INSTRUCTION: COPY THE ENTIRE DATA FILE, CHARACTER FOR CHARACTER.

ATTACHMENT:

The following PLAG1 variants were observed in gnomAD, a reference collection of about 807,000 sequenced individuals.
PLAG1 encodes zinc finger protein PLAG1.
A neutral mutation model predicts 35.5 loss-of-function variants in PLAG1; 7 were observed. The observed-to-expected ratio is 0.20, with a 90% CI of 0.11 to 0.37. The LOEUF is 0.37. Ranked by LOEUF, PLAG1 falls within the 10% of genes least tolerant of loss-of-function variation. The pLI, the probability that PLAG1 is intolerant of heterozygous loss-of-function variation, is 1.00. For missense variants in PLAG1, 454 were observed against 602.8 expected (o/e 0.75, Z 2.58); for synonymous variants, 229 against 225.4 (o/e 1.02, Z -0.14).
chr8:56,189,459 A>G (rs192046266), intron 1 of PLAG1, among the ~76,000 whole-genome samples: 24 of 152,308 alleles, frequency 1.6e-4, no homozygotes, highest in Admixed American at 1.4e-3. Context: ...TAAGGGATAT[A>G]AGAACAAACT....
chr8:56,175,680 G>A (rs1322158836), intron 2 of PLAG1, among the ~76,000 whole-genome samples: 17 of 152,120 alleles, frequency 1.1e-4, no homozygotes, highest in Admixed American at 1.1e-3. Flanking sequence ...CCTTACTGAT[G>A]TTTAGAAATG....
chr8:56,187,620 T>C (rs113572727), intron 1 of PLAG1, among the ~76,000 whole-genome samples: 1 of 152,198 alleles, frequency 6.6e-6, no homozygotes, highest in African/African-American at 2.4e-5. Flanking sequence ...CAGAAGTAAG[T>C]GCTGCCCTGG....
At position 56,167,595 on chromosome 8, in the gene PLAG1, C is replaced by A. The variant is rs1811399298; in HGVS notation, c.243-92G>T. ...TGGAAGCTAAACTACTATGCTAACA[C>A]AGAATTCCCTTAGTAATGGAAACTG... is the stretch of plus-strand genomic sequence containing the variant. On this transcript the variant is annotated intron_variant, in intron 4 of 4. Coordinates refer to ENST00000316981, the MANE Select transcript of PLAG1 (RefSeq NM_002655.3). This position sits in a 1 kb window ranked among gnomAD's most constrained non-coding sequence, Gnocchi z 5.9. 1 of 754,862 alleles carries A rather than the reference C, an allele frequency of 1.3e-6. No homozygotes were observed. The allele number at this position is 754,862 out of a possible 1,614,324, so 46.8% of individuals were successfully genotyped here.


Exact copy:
The following PLAG1 variants were observed in gnomAD, a reference collection of about 807,000 sequenced individuals.
PLAG1 encodes zinc finger protein PLAG1.
A neutral mutation model predicts 35.5 loss-of-function variants in PLAG1; 7 were observed. The observed-to-expected ratio is 0.20, with a 90% CI of 0.11 to 0.37. The LOEUF is 0.37. Ranked by LOEUF, PLAG1 falls within the 10% of genes least tolerant of loss-of-function variation. The pLI, the probability that PLAG1 is intolerant of heterozygous loss-of-function variation, is 1.00. For missense variants in PLAG1, 454 were observed against 602.8 expected (o/e 0.75, Z 2.58); for synonymous variants, 229 against 225.4 (o/e 1.02, Z -0.14).
chr8:56,189,459 A>G (rs192046266), intron 1 of PLAG1, among the ~76,000 whole-genome samples: 24 of 152,308 alleles, frequency 1.6e-4, no homozygotes, highest in Admixed American at 1.4e-3. Context: ...TAAGGGATAT[A>G]AGAACAAACT....
chr8:56,175,680 G>A (rs1322158836), intron 2 of PLAG1, among the ~76,000 whole-genome samples: 17 of 152,120 alleles, frequency 1.1e-4, no homozygotes, highest in Admixed American at 1.1e-3. Flanking sequence ...CCTTACTGAT[G>A]TTTAGAAATG....
chr8:56,187,620 T>C (rs113572727), intron 1 of PLAG1, among the ~76,000 whole-genome samples: 1 of 152,198 alleles, frequency 6.6e-6, no homozygotes, highest in African/African-American at 2.4e-5. Flanking sequence ...CAGAAGTAAG[T>C]GCTGCCCTGG....
At position 56,167,595 on chromosome 8, in the gene PLAG1, C is replaced by A. The variant is rs1811399298; in HGVS notation, c.243-92G>T. ...TGGAAGCTAAACTACTATGCTAACA[C>A]AGAATTCCCTTAGTAATGGAAACTG... is the stretch of plus-strand genomic sequence containing the variant. On this transcript the variant is annotated intron_variant, in intron 4 of 4. Coordinates refer to ENST00000316981, the MANE Select transcript of PLAG1 (RefSeq NM_002655.3). This position sits in a 1 kb window ranked among gnomAD's most constrained non-coding sequence, Gnocchi z 5.9. 1 of 754,862 alleles carries A rather than the reference C, an allele frequency of 1.3e-6. No homozygotes were observed. The allele number at this position is 754,862 out of a possible 1,614,324, so 46.8% of individuals were successfully genotyped here.